- interventions: timing; duration; details of surgical interventions; information on operating surgeons if available, for example level of expertise.
- outcomes: primary and secondary outcomes as detailed above;
- other: additional details thought relevant, for example funding sources.
One review author (PYWM) will enter the data into RevMan 5 and a second author (PGG) will check the data once it has been entered for errors and inconsistencies.
Assessment of risk of bias in included studies
Two authors independently will appraise studies that meet the inclusion criteria for methodological quality. We will not be masked to publication details or trial results during this process. The following parameters will be used as detailed further in Chapter 8 of the Cochrane Handbook for Systematic Reviews of Interventions (Higgins 2011):
1. method used for generating the randomisation sequence;
2. allocation concealment;
3. masking (blinding) of clinicians assessing outcome measures;
4. extent of follow up in the various intervention groups.
Given that the comparisons will be surgery with or without steroids versus steroids versus no treatment, masking of participants and clinicians to assigned intervention is difficult. This criterion will therefore not be considered in assessing methodological quality for the review.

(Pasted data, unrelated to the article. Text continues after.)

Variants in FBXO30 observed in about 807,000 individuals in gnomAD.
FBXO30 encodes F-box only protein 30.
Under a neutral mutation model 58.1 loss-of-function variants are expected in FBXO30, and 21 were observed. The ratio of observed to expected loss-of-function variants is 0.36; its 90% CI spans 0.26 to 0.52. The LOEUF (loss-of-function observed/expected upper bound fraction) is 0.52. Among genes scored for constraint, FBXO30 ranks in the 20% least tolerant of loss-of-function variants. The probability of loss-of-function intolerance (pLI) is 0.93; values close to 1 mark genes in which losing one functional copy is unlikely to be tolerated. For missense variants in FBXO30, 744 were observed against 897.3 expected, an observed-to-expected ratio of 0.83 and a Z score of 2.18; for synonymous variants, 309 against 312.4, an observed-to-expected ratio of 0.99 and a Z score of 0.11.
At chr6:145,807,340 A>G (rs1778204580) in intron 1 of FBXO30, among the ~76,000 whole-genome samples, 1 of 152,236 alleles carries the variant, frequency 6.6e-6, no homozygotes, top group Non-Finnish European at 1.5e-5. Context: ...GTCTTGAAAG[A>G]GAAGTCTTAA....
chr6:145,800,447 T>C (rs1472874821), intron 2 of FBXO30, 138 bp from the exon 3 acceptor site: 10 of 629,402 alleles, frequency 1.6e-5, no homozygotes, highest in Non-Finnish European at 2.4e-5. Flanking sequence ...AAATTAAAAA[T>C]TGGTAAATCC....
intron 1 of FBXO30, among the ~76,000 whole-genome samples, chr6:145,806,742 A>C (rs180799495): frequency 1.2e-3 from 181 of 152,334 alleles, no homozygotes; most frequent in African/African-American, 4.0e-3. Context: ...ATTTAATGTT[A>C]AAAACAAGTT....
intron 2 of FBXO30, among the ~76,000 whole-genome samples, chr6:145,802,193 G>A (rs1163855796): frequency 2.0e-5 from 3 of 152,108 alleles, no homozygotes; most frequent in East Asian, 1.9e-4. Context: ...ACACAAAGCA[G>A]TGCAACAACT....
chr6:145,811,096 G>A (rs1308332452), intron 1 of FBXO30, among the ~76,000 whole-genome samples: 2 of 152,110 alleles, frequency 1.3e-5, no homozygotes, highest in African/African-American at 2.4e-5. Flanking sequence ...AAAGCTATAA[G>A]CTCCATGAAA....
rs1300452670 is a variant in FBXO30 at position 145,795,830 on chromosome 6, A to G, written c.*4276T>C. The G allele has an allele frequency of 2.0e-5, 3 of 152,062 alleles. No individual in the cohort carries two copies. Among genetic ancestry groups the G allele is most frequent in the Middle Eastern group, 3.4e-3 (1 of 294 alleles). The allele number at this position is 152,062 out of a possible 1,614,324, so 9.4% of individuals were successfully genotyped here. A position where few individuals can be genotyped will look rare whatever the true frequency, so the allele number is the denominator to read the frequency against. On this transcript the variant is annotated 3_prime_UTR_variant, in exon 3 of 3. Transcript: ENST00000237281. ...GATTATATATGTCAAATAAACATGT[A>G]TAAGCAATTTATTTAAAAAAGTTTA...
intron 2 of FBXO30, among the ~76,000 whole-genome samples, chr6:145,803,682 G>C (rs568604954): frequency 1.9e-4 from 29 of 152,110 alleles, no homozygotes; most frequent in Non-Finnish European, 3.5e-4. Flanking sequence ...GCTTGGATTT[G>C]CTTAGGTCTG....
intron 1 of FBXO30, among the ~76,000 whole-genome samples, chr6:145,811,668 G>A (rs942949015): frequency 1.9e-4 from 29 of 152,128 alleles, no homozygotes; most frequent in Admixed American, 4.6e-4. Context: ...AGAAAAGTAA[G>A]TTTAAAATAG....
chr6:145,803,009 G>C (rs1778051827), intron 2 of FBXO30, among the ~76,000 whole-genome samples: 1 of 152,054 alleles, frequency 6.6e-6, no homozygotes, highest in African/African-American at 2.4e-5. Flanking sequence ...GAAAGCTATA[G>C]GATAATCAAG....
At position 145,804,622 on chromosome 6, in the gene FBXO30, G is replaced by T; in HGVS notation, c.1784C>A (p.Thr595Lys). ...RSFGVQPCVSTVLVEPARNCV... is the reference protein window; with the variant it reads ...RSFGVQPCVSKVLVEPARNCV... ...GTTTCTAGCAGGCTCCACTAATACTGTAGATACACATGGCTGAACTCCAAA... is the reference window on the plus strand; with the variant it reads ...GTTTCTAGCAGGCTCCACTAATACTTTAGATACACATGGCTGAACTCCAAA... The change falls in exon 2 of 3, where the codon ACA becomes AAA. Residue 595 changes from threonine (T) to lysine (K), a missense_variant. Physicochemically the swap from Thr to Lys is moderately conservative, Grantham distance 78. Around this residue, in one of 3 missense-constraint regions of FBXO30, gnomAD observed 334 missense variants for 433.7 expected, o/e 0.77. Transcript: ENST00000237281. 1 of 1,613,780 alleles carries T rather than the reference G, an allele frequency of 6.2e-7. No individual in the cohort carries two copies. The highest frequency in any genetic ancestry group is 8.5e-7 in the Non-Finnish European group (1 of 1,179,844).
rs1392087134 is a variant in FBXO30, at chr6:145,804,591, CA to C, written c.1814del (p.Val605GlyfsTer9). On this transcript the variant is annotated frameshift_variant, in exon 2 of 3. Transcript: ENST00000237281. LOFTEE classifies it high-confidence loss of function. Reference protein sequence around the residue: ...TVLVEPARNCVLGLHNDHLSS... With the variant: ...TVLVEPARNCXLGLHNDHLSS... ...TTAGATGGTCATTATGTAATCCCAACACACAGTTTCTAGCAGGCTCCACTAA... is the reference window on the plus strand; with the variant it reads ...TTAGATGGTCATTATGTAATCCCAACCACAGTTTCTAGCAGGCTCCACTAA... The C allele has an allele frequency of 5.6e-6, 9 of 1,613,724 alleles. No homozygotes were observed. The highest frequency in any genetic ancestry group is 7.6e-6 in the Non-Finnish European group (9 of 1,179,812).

Each parameter will be assessed and subsequently graded as: Yes (low risk of bias); No (high risk of bias) or Unclear. If any parameter is graded as Unclear we will attempt to contact the study authors for further details before reclassifying to either Yes or No. If clarification is not available, or if any disagreement arises between the two review authors, a consensus decision will be reached.
Trials with inadequate methods for generating the randomisation sequence and allocation concealment will be excluded. Trials assessed as No for the other two parameters will be included and subjected to sensitivity analyses (see below).
Measures of treatment effect
We will analyse our dichotomised visual outcome data using odds ratios.
Assessment of reporting biases
We will investigate the potential influence of publication bias by examining funnel plots.
For the primary outcome measures, we will collect the data as LogMAR visual acuity gained or lost at three and six months follow-up. If BCVA was measured using the Snellen chart, for the purpose of statistical analysis, Snellen ratios will be converted to LogMAR decimal values. A LogMAR value of 0 is equivalent to 6/6 Snellen vision and a value of 1.0 is equivalent to 6/60 Snellen vision, the largest optotype on standard Snellen charts. Patients with visual acuities reduced to counting fingers (CF) will be assigned a LogMAR value of 2.0, and those with only hand movement (HM) perception will be given a LogMAR value of 2.3 (Lange 2009; Schulze-Bonsel 2006).